Sochi recap: Figure skating, mixed ice dance-short dance

Meryl Davis and Charlie White for Team USA stole the show once again by breaking a new world record and claiming first place for the qualifying round.

Date: 16-Feb

Sport: Figure Skating

Event: Mixed Ice Dance-Short Dance

How U.S fared: Meryl Davis and Charlie White amazingly took first place and a new world record with a score of 78.89. The other American teams fared pretty well also. Maia and Alex Shibutani skated to Michael Bublé keeping it light, happy, and classic all at the same time to achieve a score of 64.47. Madison Chock and Evan Bates also gave a show-stopping performance with their perfect twizzles and first class skating. They expressed themselves well along with the music to bring their score to 65.46.

What happened: Tessa Virtue and Scott Moir skated into second place for Team Canada with a score of 76.33 just short of breaking Meryl Davis and Charlie White’s previous world record. The pair matched up very well taking advantage of their skill and physical aspects. Not far behind, Elena Ilinykh and Nikita Katsalapov skated into third place for Team Russia with an electrifying performance for the judges and home crowd of Russians. The pair had interesting transitions into different elements of the program, and kept the energy up throughout their performance.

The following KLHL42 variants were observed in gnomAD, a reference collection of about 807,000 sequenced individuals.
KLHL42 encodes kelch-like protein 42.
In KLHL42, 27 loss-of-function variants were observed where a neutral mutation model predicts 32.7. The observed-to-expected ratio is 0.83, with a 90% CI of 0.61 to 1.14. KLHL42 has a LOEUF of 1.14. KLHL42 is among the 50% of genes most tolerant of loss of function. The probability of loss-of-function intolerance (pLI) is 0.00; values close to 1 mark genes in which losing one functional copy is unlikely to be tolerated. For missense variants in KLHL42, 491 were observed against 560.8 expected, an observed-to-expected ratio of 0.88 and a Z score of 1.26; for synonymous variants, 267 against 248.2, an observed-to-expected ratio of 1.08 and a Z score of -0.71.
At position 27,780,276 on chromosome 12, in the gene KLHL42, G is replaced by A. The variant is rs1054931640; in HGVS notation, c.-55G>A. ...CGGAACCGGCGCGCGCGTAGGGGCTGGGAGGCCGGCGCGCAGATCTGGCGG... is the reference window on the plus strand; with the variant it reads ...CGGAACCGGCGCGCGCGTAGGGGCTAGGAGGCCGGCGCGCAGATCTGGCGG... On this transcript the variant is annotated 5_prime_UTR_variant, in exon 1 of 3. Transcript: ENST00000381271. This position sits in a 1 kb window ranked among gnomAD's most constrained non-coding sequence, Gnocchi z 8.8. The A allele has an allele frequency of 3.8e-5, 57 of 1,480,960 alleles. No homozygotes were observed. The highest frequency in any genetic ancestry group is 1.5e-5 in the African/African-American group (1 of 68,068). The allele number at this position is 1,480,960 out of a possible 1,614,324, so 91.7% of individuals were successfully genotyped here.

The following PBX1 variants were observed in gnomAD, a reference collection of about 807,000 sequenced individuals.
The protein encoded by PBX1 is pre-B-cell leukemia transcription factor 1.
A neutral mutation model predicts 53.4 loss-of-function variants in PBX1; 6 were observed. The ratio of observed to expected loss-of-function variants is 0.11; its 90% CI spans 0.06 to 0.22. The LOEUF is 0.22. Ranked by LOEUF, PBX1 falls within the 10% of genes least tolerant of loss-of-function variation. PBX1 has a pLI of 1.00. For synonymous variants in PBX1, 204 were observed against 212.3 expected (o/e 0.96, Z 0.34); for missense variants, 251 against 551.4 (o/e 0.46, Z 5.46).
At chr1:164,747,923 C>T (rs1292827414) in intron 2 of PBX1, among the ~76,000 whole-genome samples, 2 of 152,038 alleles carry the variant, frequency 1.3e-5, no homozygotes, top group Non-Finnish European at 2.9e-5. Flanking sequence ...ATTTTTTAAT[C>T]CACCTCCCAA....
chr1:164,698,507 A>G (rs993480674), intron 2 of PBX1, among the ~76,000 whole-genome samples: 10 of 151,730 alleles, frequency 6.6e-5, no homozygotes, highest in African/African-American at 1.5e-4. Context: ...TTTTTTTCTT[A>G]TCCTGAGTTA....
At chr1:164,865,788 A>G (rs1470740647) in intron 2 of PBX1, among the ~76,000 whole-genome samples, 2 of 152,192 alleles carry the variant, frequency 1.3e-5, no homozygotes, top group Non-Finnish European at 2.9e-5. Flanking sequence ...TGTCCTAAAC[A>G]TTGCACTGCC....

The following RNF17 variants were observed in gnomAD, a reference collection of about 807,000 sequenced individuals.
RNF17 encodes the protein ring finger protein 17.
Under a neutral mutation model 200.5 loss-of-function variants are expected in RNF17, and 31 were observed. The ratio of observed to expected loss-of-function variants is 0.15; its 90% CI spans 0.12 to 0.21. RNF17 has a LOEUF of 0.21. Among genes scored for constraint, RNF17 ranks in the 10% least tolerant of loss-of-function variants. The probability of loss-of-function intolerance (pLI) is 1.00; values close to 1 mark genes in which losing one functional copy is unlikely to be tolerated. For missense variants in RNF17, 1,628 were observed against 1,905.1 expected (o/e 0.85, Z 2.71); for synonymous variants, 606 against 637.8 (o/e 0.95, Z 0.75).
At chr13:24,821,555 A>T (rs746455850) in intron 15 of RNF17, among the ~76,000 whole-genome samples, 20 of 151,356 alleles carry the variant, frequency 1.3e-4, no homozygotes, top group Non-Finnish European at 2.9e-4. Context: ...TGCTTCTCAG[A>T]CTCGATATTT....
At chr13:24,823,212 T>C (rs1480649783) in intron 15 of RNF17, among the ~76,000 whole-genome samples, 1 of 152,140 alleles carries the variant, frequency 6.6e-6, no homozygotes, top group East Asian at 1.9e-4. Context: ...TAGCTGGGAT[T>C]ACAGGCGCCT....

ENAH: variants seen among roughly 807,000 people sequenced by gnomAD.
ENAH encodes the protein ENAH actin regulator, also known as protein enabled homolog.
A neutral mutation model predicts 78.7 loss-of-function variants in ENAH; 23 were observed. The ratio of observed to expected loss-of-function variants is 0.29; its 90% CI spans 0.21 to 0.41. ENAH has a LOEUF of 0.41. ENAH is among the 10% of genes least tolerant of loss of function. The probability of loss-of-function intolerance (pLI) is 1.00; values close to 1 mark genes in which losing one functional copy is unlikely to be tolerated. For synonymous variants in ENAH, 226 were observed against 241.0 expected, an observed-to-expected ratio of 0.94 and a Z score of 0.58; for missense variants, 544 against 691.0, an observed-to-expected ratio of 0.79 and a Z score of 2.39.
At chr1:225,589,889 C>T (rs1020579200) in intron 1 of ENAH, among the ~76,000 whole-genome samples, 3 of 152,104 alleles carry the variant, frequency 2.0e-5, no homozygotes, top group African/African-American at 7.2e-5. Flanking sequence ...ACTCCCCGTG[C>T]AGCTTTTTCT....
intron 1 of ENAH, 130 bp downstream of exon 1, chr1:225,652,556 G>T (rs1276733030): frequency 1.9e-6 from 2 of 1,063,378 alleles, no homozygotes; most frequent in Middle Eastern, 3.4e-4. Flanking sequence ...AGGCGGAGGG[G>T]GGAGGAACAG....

Full Results

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One Response to Sochi recap: Figure skating, mixed ice dance-short dance

  1. Hugh Nobokov says:

    The inventor of the moves these skaters have to do even believes the Americans were overscored and Canadians underscored.

    ““It’s the compulsory set dance. So it’s a 36-second segment where all the skaters have to do the same step in the same hold and they judge six specific (factors) very crucially. And it’s worth a lot of points. That’s where you make it or break it in this dance.”
    Basically, all the couples have to do the same pattern. The “caller” — that’s the technical panel — determines the level achieved and the judges score how well it’s done.
    That alone, on the detailed results sheet, cost the Canadians two huge points because the Finnstep was knocked down to a Level 3.
    That step is named for its inventors, Finn ice dancers Petri Kokko and Susanna Rahkamo. This is what Kokko tweeted Sunday night, and he oughta know. “I don’t understand the judging in #icedancing. @Virtue_Moir should be leading in my honest opinion.”
    He also opined that the Americans’ timing was off in the Finnstep. Yet they set a world record?”

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